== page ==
aInstituto de Ingeniería de Alimentos para el Desarrollo, Universitat Politècnica de València, Camino de Vera s/n, 46022, Valencia, Spain
bCentro de Investigación e Innovación en Bioingeniería (Ci2B), Universitat Politècnica de València, Camino de Vera s/n, 46022, Valencia, Spain
cFood Technology Department (DTA), Universitat Politècnica de València, Camino de Vera s/n, 46022, Valencia, Spain

Journal: Food Control (2018)

Abstract: Quantification of chemical residues in honey is a market requirement to ensure consumer safety. The most common method used to analyze these compounds is the LC/MS/MS methodology, which requires highly qualified technicians and a tedious pre-treatment of the sample. The honey-packaging industry needs cheaper and faster alternatives for routine control. HFF-QCM (High Fundamental Frequency Quartz Crystal Microbalance) sensors are becoming a good option due to their high sensitivity, fast detection and low cost, while avoiding complex sample pre-treatment. The HFF-QCM technology is based on piezoelectric sensors with frequencies in the range from several tenths of MHz to hundreds of MHz. In this work a 100 MHz HFF-QCM sensor was used in a monoclonal antibody-based competitive immunoassay for specific bio-recognition of carbaryl pesticide as testing contaminant. The work intends to validate the use of HFF-QCM technology, in comparison with liquid chromatography-tandem mass spectrometry (LC-MS/MS) technique, for the detection of contaminants in honey. For this purpose, the validation criteria required by SANCO 12571/2013 guidance document were considered. The precision and accuracy (recovery) of both methods were determined by comparison of 5 replicates at 4 different concentrations (from 0 to 100 μg/kg) using the same honey matrix. HFF-QCM technology showed good accuracy, with recovery percentages always between 110 and 120%. As regards to precision, HFF-QCM coefficients of variation (CV) were around 10% higher than those recommended by GC SANCO 12571/2013. HFF-QCM limits of detection (LOD) and quantification (LOQ) were in the same order of magnitude as those for LC-MS/MS, which allows the analysis of carbaryl residues in honey under the established maximum residue limits (MRL), without sample pre-treatment. These results show that biosensors based on HFF-QCM technology has become a serious alternative to the traditional analytical techniques for food quality and safety applications.

Keywords: High-fundamental-frequency QCM, Piezoelectric immunosensors, Carbaryl, Pesticides, Honey

pH-Controlled Electrochemical Deposition of Polyelectrolyte Complex Films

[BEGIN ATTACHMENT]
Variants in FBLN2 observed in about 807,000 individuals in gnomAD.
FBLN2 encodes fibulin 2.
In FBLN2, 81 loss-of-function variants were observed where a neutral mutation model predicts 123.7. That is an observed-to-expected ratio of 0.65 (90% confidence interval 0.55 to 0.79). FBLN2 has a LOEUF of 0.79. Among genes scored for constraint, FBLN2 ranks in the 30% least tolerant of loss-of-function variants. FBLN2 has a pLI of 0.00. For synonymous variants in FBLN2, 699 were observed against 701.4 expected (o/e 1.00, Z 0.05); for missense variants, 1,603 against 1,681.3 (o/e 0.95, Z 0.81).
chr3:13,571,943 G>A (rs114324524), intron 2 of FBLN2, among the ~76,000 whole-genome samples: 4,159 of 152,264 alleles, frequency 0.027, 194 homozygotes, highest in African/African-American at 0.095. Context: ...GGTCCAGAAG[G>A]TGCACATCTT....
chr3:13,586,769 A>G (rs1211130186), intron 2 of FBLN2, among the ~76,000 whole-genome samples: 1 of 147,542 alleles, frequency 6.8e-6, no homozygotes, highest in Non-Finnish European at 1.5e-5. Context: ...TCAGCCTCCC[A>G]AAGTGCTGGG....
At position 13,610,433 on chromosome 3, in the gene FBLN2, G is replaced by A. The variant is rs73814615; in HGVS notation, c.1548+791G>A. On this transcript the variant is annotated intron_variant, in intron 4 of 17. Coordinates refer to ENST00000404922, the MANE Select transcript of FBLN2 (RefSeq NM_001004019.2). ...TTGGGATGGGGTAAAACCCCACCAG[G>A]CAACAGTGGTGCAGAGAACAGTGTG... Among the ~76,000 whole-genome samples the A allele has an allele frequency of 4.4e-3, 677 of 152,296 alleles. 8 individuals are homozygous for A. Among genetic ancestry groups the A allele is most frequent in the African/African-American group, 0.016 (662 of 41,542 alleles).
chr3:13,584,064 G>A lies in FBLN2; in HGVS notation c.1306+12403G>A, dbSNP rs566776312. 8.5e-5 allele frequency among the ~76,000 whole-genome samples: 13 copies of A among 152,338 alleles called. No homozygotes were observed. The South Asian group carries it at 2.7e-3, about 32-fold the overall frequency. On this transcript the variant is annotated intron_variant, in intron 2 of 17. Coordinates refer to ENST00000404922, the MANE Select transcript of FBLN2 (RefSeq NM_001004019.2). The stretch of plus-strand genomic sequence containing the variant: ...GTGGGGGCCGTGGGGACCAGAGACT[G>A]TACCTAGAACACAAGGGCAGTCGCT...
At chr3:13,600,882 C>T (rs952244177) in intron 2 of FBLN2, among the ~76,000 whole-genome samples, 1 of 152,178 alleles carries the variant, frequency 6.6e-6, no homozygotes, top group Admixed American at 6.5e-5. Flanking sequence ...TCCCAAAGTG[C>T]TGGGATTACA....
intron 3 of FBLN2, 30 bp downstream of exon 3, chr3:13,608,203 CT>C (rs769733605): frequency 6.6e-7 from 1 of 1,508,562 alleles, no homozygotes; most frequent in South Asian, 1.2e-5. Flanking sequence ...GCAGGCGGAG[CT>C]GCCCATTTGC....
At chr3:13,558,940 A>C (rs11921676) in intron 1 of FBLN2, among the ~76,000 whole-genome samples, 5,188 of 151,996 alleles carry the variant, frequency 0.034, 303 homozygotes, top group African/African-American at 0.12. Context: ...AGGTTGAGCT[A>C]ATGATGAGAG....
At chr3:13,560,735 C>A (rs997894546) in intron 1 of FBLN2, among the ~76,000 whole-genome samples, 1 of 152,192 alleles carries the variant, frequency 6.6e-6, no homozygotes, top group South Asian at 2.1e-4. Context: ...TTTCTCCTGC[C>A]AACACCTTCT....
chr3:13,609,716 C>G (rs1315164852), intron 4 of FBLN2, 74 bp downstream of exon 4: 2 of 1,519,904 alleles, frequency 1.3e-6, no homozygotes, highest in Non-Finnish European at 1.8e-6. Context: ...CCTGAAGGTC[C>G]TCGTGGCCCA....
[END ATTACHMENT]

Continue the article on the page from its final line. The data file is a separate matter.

Authors: Kazi Sadman1, Qifen Wang1, Shawn H. Chen1, David  E. Delgado1 and Kenneth R. Shull1

1Department of Materials Science & Engineering, Northwestern University, Evanston, Illinois 60208, United States

Journal: Langmuir (2017)

Abstract: Polyelectrolyte complex (PEC) films made from oppositely charged polymer chains have applications as drug-delivery vehicles, separation membranes, and biocompatible coatings. Conventional layer-by-layer techniques for polyelectrolyte coatings are low-throughput and multistep processes that are quite slow for building films on the order of micrometers. In this work, PEC films are electrochemically deposited using a rapid one-pot method, yielding thick (1 μm) films within short experimental time scales (5 min). This rapid electrodeposition is achieved by exploiting the reduction of hydrogen peroxide at mild electrode potentials that avoid water electrolysis yet trigger the pH-responsive self-assembly of a PEC film composed of poly(acrylic) acid and poly(allylamine) HCl. In situ rheology using an electrochemical quartz crystal microbalance quantified the shear modulus−density product of the deposited layer to be on the order of 107 Pa g/cm3 at a frequency of 15 MHz, with a viscoelastic phase angle of approximately 50°. This electrodeposition scheme furthers the development of PEC coatings for more high-throughput applications, where a fast and efficient single-step approach would be desirable for obtaining coatings.

Keywords: Electrodeposition, polyelecrolyte, QCM.

Electro-Assisted Deposition of Calcium Phosphate on Self-Assembled Monolayers

Authors: Noah Metoki1, Kazi Sadman2, Kenneth Shull2, Noam Eliaz1 and Daniel Mandler3

1Biomaterials and Corrosion Lab, Department of Materials Science and Engineering, Tel-Aviv University, Ramat Aviv 6997801, Israel
2Polymer Surfaces & Inferfaces Lab, Department of Materials Science and Engineering, Northwestern University, Evanston, IL 60208, USA
3Institute of Chemistry, The Hebrew University of Jerusalem, Jerusalem 9190401, Israel

Journal: Electrochimica Acta (2016)